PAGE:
I know, from traveling with my late friend, Cloyd, thru Montana that the definition of a small town in Montana is any place that has 3 things - a name, a post office and a bar!!! There are people in these towns - but this is ranch country and some of those ranches are huge affairs, in terms of land. So the post office serves the ranches and the bar is a convenient place to stop and catch up with the local news. The ranchers go into the nearest larger town - out there you're talking miles - for provisions.

I liked the bridge shots - and the Hudson Jet. Those are nice little cars to run around in. In case anybody's wondering about the high roof line, Frank Spring designed the car with a lower roof line - but the company president, A. E. Barit, had a mind mired in the 1930's. He decreed the higher roofline so "a gentleman would have clearance for his hat!!!" In the minds of many that high roofline really destroyed the overall look of what Spring designed.



Alex Burr

Memphis, TN

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This is a great adventure...

It certainly is, David! And an inspiring one. The all-but-gone P__K on the bridge near Sanders and Olsen's Service Station (and Gathering Place) almost make the trip worth while by themselves while Clark's 1806 "tag" puts it over the top. And that's just one section. I certainly have to get that northern tier of states (ID, MT, ND) off of my never-been-there list.


Alex: The tall roof did catch my eye and I wondered if the car might have targeted the taxi business. The truth is much more interesting.

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I'm sitting here thinking that I should have quit my job, flown out your way, and ridden along on this trip. It just might have been worth every moment of upheaval in my life when I returned, to have seen these places and met these people.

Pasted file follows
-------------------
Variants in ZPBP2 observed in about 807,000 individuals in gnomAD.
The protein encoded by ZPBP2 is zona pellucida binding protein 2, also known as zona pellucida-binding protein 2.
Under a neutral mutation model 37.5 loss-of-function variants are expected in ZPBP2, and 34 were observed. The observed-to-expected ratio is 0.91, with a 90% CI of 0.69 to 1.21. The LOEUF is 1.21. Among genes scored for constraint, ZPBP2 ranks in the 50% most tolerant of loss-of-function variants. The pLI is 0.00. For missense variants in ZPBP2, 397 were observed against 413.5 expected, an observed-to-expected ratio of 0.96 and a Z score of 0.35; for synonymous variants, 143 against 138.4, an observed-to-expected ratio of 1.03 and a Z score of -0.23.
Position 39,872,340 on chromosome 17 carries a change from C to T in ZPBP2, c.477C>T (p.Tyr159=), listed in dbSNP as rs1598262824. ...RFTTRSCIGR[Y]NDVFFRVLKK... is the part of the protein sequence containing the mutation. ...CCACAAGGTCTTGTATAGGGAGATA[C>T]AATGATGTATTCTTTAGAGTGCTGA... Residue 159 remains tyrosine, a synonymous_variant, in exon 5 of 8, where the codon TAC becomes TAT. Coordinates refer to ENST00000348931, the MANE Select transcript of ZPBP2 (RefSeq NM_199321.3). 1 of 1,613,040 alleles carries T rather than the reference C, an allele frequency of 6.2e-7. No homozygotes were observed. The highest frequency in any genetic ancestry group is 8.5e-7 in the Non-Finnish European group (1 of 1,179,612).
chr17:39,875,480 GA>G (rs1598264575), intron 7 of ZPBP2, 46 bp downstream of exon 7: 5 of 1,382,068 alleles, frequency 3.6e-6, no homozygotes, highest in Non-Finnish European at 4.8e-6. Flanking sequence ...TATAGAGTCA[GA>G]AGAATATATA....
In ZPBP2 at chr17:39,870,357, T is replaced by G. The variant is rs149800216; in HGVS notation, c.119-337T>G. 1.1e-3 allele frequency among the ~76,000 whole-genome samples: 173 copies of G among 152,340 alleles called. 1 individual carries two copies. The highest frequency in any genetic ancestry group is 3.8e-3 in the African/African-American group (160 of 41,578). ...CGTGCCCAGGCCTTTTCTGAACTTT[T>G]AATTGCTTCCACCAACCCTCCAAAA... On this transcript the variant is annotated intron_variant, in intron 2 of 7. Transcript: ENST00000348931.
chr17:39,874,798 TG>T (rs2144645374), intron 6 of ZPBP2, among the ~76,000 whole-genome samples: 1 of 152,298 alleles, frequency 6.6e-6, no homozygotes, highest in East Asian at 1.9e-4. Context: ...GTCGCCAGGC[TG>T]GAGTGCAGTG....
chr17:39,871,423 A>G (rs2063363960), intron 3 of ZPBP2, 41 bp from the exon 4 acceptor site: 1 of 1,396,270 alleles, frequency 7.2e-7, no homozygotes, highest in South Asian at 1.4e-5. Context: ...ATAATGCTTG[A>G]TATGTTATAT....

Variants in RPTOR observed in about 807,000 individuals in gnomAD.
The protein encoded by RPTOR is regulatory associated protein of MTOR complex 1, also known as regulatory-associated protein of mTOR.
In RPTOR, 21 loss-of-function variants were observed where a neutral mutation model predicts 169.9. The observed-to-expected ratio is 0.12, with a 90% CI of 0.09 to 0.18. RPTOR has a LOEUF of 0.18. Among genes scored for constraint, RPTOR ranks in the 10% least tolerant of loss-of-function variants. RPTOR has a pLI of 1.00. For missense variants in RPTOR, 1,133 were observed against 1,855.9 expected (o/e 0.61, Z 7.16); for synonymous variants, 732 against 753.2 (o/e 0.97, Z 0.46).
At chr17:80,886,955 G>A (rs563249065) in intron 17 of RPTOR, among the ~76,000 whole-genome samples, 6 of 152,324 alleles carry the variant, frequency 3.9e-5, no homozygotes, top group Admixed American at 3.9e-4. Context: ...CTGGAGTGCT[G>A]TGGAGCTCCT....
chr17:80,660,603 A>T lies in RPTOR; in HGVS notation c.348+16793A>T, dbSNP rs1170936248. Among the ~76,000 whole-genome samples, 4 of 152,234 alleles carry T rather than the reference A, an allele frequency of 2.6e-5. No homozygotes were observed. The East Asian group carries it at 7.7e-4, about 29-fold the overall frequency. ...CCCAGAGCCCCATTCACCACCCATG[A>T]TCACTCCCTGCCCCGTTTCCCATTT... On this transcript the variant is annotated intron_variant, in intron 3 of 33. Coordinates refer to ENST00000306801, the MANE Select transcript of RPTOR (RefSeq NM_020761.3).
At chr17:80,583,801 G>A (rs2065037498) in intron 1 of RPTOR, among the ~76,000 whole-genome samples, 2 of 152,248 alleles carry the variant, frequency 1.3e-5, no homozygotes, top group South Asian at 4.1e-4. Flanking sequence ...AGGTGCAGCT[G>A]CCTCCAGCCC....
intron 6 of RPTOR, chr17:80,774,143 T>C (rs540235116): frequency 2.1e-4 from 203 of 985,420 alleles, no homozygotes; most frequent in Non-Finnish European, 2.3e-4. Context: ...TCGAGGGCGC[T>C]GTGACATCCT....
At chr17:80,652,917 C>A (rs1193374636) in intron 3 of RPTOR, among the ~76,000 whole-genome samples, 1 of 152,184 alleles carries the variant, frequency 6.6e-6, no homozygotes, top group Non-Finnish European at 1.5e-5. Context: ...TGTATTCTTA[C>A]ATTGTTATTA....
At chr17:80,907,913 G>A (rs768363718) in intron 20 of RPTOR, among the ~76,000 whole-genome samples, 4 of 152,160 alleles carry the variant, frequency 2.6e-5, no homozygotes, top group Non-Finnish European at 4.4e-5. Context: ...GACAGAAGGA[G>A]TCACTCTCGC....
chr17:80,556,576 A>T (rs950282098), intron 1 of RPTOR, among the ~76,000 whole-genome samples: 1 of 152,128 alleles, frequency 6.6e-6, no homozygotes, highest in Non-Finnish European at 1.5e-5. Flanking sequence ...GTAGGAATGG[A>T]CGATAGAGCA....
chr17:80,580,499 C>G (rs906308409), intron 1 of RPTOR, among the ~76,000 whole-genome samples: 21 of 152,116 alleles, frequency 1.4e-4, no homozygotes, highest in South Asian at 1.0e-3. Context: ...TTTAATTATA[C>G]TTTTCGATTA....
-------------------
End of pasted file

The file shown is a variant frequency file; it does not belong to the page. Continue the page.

I am hanging on your every photograph. I can't pick a favorite this time; I like them all too much.




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I'm much enjoying the accounts of your journey!

Akin to your mention of Lewis & Clark, I'm currently researching taverns on Gen. Braddock's Road, circa 1770s, in Allegany County, MD. The approximate route of Braddock's Road was the predecessor of the Cumberland (National) Road. If memory serves, I believe Lewis passed through this area at least once.


~ Steve

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  • 2 weeks later...

Sacajawea's son was called Pomp by William Clark, and Pompey's Pillar was named by Clark for Pomp. Clark carved his name half way up the pillar to mark the expedition's passing. His signature carved in the rock still exists and is of course protected by a glass covering.


It is the only sign if the expeditions passing anywhere on their route. I climbed the 100 stairs up to the site, and wished I kept myself in better shape. But it was worth every bead of sweat. I am a follower of Lewis and Clark and seeing that carving was moving.


We visited Pompey's Pillar back in October 2003, and the gate was closed for the season, but there was a sign stating that we were welcome to walk the lane back to the site. I fondly remember walking over half a mile from the highway back to the pillar with my wife and our kids who were 6 and 4, then climbing up all of the steps there to view the historic graffiti, and then walking the half mile back to the car. Hopefully the gate was open when you visited :).